Now play the game Will and Rylan... Your game... The one that only you were meant to play...
Friday, March 14, 2008
We got the pathology report back--- NO CANCER!!!!!!!
Yet again, God comes through.
I guess the human fleshly nature keeps us doubting... Gotta' keep crucifying the flesh and to be more and more sanctified.
Thanks for your prayers!
Thursday, March 13, 2008
Meanwhile back at the Ranch...
Rylan, Will, and I all spent the morning hanging out, watching cartoons, and changing poopy diapers. Rylan really is doing great and I am still praising God for his health. I am still in awe by the fact that two weeks ago, we were at our lowest of lows and facing the death of a child. But today, we are home with a normal happy baby that is eating like a pig, waking us up in the middle of the night, and of course making all kinds of cute noises and faces. I think my friend Roy Hooker summed it up when he sent me a text about how happy he was that Rylan was doing so well. He wrote the Psalmists words:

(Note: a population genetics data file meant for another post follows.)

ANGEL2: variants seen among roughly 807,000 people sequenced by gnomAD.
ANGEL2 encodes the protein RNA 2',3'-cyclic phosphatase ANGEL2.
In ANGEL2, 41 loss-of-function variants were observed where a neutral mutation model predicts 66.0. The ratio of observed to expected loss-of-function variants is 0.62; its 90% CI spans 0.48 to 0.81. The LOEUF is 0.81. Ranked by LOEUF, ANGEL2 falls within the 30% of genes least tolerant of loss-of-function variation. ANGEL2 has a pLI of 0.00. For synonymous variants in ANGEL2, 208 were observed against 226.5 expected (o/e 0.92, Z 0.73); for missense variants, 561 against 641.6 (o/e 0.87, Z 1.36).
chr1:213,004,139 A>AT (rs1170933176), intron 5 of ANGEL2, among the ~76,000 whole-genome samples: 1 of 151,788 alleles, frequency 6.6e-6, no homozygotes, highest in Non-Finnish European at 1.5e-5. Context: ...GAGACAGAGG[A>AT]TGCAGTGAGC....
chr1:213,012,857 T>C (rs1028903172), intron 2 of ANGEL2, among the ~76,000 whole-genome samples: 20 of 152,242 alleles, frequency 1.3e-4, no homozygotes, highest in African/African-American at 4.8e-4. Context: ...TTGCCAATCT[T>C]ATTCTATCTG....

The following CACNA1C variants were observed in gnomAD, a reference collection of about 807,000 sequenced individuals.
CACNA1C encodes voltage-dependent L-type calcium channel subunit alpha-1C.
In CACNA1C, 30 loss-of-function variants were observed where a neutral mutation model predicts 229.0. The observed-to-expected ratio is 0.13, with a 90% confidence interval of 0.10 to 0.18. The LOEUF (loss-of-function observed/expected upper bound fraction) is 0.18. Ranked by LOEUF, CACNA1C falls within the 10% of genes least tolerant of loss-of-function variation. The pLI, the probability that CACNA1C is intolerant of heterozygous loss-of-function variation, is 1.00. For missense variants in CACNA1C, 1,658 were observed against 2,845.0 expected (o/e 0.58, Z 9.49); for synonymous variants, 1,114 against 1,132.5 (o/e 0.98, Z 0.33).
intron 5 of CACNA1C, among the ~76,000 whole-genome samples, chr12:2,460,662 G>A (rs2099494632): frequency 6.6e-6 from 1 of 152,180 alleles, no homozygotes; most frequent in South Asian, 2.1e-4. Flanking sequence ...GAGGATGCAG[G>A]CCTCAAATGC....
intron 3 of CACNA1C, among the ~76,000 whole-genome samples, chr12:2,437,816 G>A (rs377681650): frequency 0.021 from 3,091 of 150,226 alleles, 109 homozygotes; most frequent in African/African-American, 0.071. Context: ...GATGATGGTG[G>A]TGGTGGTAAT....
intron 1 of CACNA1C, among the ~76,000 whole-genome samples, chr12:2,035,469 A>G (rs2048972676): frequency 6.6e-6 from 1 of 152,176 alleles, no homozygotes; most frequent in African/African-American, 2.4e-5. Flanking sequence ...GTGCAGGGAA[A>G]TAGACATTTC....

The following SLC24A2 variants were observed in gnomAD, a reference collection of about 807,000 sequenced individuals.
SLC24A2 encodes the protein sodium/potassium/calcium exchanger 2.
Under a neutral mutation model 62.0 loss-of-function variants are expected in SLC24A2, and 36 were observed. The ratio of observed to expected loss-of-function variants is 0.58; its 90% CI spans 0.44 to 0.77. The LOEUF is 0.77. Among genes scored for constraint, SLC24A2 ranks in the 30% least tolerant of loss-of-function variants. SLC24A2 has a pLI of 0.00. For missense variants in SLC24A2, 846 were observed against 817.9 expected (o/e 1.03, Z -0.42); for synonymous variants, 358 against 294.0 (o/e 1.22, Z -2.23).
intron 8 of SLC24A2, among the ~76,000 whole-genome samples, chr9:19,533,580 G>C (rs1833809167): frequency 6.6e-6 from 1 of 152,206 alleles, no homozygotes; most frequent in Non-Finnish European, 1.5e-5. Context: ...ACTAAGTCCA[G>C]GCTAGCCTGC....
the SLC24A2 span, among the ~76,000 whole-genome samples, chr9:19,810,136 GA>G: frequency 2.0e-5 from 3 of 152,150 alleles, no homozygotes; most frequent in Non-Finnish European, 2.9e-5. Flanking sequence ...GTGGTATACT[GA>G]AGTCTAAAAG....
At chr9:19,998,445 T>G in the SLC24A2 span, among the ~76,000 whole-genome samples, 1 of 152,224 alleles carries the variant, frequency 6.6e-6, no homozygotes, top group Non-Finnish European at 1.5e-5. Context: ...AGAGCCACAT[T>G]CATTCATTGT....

"Praise be to God from whom all blessings flow"
I'm praising him, we all are. Things are looking up... But when should I have ever doubted God? He always comes through in the end and saves the day. He is an awesome God, and there is nothing I can ever do to thank Him enough for all he has given to, and has trusted me with.
Wednesday, March 12, 2008
When Rylan was born, our Doctor removed a large mole near the site of the C-Section. I hadn't really given the mole much thought, but Marci sure had. Several times during Rylan's time in the NICU, it was always in the back of her mind. For some reason, I guess woman's intuition that something was wrong with it, and obviously she was scared. I actually asked about it and was told that results would take at least two weeks because they always send moles off to some expert, mole lab place to be read by mole professionals, I guess. So we waited...